Emil Ford Lawyers

Providing Reasonable Care for Reasonable Carers

Risk management is an essential consideration for today’s employer. A recent decision of the Supreme Court of Queensland provides a helpful reminder of some of the core elements of a claim of negligence. In this case, Kelly was employed as a carer for a not-for-profit providing residential care for severely disabled clients. One of the patients in Kelly’s care was a young man with a history of violent behaviour, for whom the Employer had developed a detailed risk management plan.

In the course of providing care, Kelly was physically assaulted by the patient and later claimed to have suffered serious psychological and physical harm. Kelly alleged several ways in which her Employer had failed to take reasonable care, including:

  • Failure to employ a second carer;
  • Failure to provide a duress alarm;
  • Failure to provide swipe card access to the carer’s office.

In relation to the first issue, the Court found that employing a second carer would probably have prevented the harm suffered by Kelly. However, the Court found that, as the Employer was a not-for-profit organisation reliant on Government funding and could not afford a second carer for the facility, the Employer had not breached its duty of care - the burden of taking such a precaution was excessively high.

In relation to the provision of a duress alarm, the Court found that this was a reasonable precaution. Therefore, the Employer had breached its duty of care by failing to provide a duress alarm. Nevertheless, the Court later ruled that, given the short duration of the incident and likely police response times, Kelly had not proved that having a duress alarm would have prevented the assault and the harm suffered by her. The Court reached the same conclusion in relation to the provision of swipe card, rather than key, access to the carer’s office, noting that Kelly bore the onus of proof on the balance of probabilities.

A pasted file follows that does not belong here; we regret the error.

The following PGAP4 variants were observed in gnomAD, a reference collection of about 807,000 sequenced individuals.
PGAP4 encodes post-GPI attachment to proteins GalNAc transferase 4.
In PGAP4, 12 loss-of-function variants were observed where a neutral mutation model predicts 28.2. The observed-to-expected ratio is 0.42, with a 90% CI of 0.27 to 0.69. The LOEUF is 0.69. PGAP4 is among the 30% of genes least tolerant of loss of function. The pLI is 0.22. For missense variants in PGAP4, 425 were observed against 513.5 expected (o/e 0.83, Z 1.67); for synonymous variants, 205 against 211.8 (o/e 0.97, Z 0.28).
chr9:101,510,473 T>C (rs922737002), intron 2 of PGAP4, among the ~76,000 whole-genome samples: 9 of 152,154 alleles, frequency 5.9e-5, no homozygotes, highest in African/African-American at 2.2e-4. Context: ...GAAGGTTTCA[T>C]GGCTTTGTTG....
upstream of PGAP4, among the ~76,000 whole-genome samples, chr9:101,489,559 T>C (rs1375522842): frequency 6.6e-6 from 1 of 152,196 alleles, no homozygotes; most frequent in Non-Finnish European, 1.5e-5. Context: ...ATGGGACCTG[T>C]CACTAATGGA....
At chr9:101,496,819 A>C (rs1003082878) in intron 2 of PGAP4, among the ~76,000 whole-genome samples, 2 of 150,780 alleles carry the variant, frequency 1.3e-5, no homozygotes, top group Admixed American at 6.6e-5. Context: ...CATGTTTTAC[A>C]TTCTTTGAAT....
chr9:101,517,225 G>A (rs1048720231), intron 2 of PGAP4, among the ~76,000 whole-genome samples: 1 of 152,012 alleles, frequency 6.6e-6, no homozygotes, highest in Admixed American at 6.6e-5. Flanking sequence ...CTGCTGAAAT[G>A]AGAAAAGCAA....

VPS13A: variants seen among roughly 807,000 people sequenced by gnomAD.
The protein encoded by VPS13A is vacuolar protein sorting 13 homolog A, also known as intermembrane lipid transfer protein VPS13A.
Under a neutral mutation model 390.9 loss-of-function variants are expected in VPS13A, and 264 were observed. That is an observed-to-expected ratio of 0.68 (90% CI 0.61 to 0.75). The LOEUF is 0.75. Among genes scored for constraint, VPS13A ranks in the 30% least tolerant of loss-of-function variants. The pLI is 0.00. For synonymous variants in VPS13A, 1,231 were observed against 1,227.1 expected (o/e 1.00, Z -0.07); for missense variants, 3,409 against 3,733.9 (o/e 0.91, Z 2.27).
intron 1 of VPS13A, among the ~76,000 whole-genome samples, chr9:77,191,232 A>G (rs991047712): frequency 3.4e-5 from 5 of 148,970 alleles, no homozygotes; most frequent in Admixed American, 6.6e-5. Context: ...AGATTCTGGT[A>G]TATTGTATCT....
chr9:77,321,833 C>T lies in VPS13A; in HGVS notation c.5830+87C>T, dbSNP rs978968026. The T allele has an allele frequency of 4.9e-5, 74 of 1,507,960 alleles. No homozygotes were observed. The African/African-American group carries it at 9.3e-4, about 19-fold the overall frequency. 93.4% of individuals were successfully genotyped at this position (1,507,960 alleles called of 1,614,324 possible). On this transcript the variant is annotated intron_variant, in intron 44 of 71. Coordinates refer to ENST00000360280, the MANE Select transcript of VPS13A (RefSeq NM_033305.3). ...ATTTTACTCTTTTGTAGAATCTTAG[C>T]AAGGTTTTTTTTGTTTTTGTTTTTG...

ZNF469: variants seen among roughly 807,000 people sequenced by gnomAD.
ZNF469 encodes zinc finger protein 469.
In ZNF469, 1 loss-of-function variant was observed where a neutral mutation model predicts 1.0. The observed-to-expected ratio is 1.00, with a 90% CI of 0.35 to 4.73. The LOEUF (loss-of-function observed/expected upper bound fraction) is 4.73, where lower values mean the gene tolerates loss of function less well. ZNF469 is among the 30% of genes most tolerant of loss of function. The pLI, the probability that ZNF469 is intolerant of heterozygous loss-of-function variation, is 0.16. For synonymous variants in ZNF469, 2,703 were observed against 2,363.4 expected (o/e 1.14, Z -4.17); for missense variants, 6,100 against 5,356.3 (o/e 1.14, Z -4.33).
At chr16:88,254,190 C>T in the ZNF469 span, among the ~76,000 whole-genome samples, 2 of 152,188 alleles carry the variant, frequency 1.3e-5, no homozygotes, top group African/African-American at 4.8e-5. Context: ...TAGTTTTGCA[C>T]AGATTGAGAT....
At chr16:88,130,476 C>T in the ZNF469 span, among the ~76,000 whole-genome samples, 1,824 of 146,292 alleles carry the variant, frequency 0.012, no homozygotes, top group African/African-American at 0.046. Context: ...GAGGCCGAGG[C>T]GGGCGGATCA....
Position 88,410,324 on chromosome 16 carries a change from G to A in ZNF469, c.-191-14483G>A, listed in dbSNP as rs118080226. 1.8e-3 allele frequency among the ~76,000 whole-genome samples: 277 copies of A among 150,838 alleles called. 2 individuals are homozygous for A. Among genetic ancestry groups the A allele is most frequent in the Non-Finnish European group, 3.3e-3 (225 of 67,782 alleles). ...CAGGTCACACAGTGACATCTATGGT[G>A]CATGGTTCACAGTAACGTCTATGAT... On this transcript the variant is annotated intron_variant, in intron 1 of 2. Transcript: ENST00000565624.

Had the Employer been found liable, the Court said the damages would have been $755,048. This case is a reminder that risk management and the law of negligence remain important considerations for employers given that they owe a duty of care to their employees. It is important that an employer consider the foreseeable risks to employees arising from their work and implement reasonable precautions to avoid those risks.

One of the ways that an employer can do this is by providing employees with a workplace risk management policy.

Please contact or if you have any questions regarding workplace health and safety, or a workplace policy.

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